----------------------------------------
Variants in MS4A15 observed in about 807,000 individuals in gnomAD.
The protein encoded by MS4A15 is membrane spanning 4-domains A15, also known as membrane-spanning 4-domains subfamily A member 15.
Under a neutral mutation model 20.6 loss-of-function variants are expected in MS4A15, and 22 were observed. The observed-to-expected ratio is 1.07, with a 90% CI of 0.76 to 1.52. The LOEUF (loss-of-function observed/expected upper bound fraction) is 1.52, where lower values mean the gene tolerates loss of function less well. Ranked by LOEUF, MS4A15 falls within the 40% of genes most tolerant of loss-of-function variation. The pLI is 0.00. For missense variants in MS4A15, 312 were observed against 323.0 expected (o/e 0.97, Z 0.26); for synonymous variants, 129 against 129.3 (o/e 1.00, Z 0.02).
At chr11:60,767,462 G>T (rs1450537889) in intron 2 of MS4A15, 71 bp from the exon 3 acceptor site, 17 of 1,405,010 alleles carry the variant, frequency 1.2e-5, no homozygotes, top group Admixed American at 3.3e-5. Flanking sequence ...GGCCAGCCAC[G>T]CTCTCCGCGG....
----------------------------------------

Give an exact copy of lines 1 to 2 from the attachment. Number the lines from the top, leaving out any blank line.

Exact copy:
Variants in MS4A15 observed in about 807,000 individuals in gnomAD.
The protein encoded by MS4A15 is membrane spanning 4-domains A15, also known as membrane-spanning 4-domains subfamily A member 15.